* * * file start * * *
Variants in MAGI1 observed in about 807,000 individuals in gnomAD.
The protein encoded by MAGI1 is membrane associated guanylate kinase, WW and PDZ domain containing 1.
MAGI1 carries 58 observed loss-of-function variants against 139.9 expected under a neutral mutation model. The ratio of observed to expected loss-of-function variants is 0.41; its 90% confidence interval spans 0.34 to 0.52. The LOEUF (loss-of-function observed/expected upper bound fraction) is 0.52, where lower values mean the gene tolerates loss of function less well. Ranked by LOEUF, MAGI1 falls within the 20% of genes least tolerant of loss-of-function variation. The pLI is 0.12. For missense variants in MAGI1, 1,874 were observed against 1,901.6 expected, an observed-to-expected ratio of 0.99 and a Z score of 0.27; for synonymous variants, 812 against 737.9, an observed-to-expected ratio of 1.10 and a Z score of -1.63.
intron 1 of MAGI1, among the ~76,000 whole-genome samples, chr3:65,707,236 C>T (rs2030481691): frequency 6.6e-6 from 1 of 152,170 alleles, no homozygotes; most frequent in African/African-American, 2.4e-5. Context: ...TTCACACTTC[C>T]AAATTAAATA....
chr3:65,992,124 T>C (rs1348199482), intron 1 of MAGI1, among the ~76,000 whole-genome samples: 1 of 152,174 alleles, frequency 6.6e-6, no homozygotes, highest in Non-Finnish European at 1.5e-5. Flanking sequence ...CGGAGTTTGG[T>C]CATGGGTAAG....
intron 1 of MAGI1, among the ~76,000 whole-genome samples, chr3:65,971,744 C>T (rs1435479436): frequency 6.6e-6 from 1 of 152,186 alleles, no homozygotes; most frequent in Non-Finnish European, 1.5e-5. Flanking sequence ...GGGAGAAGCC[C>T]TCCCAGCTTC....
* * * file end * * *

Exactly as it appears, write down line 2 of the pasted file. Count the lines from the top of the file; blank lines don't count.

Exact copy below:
The protein encoded by MAGI1 is membrane associated guanylate kinase, WW and PDZ domain containing 1.